Seven new papers describe the first-ever detection of light from a gravitational wave source. The event, caused by two neutron stars colliding and merging together, was dubbed GW170817 because it sent ripples through space-time that reached Earth on 2017 August 17. Around the world, hundreds of excited astronomers mobilized quickly and were able to observe the event using numerous telescopes, providing a wealth of new data.

Previous detections of gravitational waves have all involved the merger of two black holes, a feat that won the 2017 Nobel Prize in Physics earlier this month....

Im Focus: Smart sensors for efficient processes

Material defects in end products can quickly result in failures in many areas of industry, and have a massive impact on the safe use of their products. This is why, in the field of quality assurance, intelligent, nondestructive sensor systems play a key role. They allow testing components and parts in a rapid and cost-efficient manner without destroying the actual product or changing its surface. Experts from the Fraunhofer IZFP in Saarbrücken will be presenting two exhibits at the Blechexpo in Stuttgart from 7–10 November 2017 that allow fast, reliable, and automated characterization of materials and detection of defects (Hall 5, Booth 5306).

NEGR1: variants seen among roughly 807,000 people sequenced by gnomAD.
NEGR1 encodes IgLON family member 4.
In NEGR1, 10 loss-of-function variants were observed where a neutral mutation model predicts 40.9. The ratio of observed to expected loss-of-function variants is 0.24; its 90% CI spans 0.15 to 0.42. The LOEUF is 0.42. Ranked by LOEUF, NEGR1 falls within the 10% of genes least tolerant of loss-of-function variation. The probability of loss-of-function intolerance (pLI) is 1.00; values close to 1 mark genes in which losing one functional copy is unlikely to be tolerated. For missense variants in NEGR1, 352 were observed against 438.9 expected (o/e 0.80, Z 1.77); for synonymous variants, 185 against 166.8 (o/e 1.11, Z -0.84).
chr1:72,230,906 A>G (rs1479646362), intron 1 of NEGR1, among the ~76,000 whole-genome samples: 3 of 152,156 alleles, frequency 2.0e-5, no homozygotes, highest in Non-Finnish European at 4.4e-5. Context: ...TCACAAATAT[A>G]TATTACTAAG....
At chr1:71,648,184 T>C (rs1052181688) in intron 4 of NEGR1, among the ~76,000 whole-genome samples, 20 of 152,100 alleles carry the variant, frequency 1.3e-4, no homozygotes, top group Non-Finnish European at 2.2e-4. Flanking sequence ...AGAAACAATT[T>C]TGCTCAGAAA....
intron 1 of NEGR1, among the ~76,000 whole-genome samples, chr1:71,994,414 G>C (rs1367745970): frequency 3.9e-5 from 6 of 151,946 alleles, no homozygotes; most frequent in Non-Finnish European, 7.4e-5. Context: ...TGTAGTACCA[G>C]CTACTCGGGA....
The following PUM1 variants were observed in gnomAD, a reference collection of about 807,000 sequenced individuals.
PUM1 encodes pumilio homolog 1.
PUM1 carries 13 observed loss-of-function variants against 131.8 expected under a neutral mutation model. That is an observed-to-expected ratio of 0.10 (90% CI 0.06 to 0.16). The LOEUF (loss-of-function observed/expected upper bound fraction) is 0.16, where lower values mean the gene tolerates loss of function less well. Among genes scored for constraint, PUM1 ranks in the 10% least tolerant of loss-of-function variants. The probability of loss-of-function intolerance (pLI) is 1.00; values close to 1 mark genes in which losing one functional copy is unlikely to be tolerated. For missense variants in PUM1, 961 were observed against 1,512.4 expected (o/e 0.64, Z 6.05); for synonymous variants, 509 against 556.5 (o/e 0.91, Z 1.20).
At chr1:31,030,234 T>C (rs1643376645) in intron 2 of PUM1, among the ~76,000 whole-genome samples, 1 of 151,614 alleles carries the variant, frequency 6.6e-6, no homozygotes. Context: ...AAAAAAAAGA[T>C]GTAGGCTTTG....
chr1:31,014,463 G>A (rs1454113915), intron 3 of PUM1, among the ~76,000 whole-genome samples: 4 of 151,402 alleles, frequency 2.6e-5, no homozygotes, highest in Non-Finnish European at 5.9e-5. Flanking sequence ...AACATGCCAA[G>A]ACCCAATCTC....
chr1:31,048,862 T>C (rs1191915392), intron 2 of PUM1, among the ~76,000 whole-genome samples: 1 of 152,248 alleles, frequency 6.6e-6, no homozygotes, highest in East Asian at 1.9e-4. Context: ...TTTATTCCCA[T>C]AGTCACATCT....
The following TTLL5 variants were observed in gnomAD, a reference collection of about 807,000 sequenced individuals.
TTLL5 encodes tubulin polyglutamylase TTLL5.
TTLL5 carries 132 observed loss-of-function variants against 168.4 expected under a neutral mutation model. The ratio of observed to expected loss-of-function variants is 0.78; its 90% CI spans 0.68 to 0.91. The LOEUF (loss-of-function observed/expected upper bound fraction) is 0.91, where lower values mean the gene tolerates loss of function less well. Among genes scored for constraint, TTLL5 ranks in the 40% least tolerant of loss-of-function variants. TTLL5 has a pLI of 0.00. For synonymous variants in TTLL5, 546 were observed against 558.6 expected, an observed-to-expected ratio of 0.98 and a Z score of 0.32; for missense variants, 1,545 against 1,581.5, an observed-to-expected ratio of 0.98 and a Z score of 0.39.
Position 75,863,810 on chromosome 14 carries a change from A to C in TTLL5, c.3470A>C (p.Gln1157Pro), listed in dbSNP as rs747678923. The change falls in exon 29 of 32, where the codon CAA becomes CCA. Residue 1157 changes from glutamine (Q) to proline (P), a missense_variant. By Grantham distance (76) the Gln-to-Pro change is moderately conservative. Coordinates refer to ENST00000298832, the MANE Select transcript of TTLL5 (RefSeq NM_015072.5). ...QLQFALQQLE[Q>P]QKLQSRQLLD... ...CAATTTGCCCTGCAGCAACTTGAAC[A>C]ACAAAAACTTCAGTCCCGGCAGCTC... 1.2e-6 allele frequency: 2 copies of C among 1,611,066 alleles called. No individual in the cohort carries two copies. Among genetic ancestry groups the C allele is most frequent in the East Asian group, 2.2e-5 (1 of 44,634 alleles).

When quality testing uses time-consuming destructive test methods, it can result in enormous costs due to damaging or destroying the products. And given that...

Im Focus: Cold molecules on collision course

Using a new cooling technique MPQ scientists succeed at observing collisions in a dense beam of cold and slow dipolar molecules.

How do chemical reactions proceed at extremely low temperatures? The answer requires the investigation of molecular samples that are cold, dense, and slow at...

Im Focus: Shrinking the proton again!

Scientists from the Max Planck Institute of Quantum Optics, using high precision laser spectroscopy of atomic hydrogen, confirm the surprisingly small value of the proton radius determined from muonic hydrogen.

It was one of the breakthroughs of the year 2010: Laser spectroscopy of muonic hydrogen resulted in a value for the proton charge radius that was significantly...

All Focus news of the innovation-report >>>

Anzeige

Anzeige

Event News

ASEAN Member States discuss the future role of renewable energy

17.10.2017 | Event News

World Health Summit 2017: International experts set the course for the future of Global Health

10.10.2017 | Event News

Climate Engineering Conference 2017 Opens in Berlin

10.10.2017 | Event News

 
Latest News

Terahertz spectroscopy goes nano

20.10.2017 | Information Technology

Strange but true: Turning a material upside down can sometimes make it softer

20.10.2017 | Materials Sciences

NRL clarifies valley polarization for electronic and optoelectronic technologies

20.10.2017 | Interdisciplinary Research

VideoLinks
B2B-VideoLinks
More VideoLinks >>>